Family Matters No. 98 - November 2016

AIFS Conference 2016

Keynotes and Q&A session
Daryl Higgins

Conference held at the Melbourne Exhibition Centre on 6–8 July

The AIFS Conference 2016 was focused on looking at how we go from research to results and using evidence to improve outcomes for families. Highlights of this year's conference included three challenging keynotes and the Q&A session "Show me the evidence!"

Opening the conference, AIFS Director Anne Hollonds summarised a number of questions that were the focus of this year's event:

  • What is evidence?
  • Who is the audience?
  • How do we understand the needs of policy makers and practitioners?
  • How do we achieve honest critique, reflection and cross-disciplinary dialogue?

Considering these questions, two of our keynote speakers took us on discomforting—but ultimately rewarding—journeys about our understanding of research evidence, and how it is used (and misunderstood) in the name of achieving evidence-based practices. Professors Greg Duncan and John Lynch both challenged the audience to look behind the data in individual studies (or even meta analyses) of popular programs promoted as being based in evidence to see the broader context, such as how many of the expected outcomes were achieved and across how many different studies were there null findings. They challenged us to look beyond the popularly cited instances where significant impacts had been found.

Professor Duncan explored whether "two-generation programs" (a coordinated combination of parenting-focused programs directed at parents and child-based early childhood/education programs) can best help disadvantaged children. He explained that while both types of programs are effective, the combination is—disappointingly—not synergistically effective. Although there is some complementarity, the programs may, in part, substitute for one another. Parent take-up of services and their engagement in specific programs also is a significant problem and can be compounded when trying to deliver services simultaneously to two generations.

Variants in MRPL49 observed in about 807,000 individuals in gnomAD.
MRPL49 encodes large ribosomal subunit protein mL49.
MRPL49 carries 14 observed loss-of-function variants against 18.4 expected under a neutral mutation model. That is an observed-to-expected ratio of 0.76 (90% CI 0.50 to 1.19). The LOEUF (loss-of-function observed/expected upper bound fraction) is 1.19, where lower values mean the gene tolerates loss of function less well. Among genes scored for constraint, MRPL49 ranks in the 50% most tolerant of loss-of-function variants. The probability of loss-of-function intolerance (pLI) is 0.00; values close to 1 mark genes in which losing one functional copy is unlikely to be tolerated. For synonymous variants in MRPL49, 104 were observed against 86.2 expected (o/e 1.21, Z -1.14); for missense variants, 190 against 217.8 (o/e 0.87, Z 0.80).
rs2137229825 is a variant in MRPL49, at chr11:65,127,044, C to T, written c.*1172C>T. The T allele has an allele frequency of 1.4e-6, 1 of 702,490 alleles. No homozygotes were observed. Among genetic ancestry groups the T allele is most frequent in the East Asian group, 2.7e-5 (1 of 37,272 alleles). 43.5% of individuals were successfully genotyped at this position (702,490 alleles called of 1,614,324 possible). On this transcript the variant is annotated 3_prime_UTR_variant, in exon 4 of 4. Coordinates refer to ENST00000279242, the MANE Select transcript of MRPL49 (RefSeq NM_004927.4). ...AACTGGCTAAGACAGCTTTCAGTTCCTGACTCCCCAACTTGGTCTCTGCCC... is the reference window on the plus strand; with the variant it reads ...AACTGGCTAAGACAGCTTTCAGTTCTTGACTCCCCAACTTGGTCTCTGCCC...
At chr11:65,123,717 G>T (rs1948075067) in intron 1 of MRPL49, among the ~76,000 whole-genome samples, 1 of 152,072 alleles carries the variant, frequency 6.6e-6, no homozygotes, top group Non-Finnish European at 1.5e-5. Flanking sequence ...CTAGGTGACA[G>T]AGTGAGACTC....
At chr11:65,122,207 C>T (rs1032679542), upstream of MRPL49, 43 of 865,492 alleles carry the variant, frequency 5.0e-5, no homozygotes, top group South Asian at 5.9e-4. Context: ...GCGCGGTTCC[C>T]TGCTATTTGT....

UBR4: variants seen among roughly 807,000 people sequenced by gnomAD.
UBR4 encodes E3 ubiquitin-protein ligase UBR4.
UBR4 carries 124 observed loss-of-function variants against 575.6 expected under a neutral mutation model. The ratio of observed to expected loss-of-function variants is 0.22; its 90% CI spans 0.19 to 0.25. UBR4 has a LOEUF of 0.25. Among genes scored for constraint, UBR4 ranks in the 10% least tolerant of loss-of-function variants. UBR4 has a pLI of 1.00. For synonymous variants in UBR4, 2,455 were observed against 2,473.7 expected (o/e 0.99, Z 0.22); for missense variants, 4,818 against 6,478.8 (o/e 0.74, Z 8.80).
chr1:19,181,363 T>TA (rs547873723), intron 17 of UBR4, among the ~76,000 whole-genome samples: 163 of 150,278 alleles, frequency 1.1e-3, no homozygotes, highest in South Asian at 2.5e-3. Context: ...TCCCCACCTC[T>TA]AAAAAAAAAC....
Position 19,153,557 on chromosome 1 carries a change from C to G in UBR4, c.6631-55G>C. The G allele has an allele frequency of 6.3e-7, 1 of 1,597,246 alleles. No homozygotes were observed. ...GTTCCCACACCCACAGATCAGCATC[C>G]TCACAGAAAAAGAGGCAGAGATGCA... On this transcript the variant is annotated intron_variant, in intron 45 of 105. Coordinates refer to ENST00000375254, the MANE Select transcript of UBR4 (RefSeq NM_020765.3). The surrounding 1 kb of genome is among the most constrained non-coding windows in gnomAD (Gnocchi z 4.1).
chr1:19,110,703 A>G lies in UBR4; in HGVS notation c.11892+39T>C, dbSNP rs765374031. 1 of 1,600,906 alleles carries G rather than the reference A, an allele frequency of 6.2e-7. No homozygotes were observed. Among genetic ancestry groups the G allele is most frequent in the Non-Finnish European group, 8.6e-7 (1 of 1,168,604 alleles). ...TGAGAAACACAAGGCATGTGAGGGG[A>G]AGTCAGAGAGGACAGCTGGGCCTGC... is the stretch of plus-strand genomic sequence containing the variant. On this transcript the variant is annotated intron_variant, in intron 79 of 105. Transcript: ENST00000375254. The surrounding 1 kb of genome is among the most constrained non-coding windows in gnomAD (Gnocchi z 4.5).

Professor Lynch outlined how Randomised Control Trials (RCTs) are accepted as one of the best forms of research evidence, with the capacity to show causal relationships between interventions (e.g., programs to improve parenting or children's literacy/numeracy) and outcomes (e.g., measures of child/family wellbeing). But if they are poorly conducted (e.g., not enough participants in particular subgroups of interest to have sufficient statistical "power" to conduct relevant analyses—which is often the case in programs directed towards disadvantaged groups—they won't assist policy makers in their task of implementing what works and, as a result, we can fail to bring about the expected improvements.

Professor Lynch went on to argue that administrative data are often an untapped goldmine and, when they are explored, can show unexpected results. They can challenge us to think about the context of our "usual care". Many of the characteristics of early programs targeted at disadvantaged groups are not dissimilar to current universal service delivery in Australia; for example, the number of perinatal visits currently accessed or the number of hours of early childhood education available to all children.